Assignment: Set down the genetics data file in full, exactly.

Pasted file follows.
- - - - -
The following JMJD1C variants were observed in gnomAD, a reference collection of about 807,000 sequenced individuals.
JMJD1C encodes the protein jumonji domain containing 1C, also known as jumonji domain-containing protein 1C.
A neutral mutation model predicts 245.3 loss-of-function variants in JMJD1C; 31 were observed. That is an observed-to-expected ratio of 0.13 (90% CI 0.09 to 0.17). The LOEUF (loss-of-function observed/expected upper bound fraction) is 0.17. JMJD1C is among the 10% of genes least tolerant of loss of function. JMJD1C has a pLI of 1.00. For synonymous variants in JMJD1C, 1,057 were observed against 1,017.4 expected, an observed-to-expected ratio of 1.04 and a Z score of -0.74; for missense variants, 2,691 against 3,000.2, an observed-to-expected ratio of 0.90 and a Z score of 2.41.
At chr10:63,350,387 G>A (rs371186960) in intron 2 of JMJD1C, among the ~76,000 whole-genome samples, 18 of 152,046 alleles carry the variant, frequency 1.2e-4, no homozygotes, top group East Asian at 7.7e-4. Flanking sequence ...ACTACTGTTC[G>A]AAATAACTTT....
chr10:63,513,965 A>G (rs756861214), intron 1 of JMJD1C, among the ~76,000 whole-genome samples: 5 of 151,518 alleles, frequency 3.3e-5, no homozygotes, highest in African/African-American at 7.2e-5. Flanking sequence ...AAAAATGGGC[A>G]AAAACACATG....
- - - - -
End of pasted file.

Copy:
The following JMJD1C variants were observed in gnomAD, a reference collection of about 807,000 sequenced individuals.
JMJD1C encodes the protein jumonji domain containing 1C, also known as jumonji domain-containing protein 1C.
A neutral mutation model predicts 245.3 loss-of-function variants in JMJD1C; 31 were observed. That is an observed-to-expected ratio of 0.13 (90% CI 0.09 to 0.17). The LOEUF (loss-of-function observed/expected upper bound fraction) is 0.17. JMJD1C is among the 10% of genes least tolerant of loss of function. JMJD1C has a pLI of 1.00. For synonymous variants in JMJD1C, 1,057 were observed against 1,017.4 expected, an observed-to-expected ratio of 1.04 and a Z score of -0.74; for missense variants, 2,691 against 3,000.2, an observed-to-expected ratio of 0.90 and a Z score of 2.41.
At chr10:63,350,387 G>A (rs371186960) in intron 2 of JMJD1C, among the ~76,000 whole-genome samples, 18 of 152,046 alleles carry the variant, frequency 1.2e-4, no homozygotes, top group East Asian at 7.7e-4. Flanking sequence ...ACTACTGTTC[G>A]AAATAACTTT....
chr10:63,513,965 A>G (rs756861214), intron 1 of JMJD1C, among the ~76,000 whole-genome samples: 5 of 151,518 alleles, frequency 3.3e-5, no homozygotes, highest in African/African-American at 7.2e-5. Flanking sequence ...AAAAATGGGC[A>G]AAAACACATG....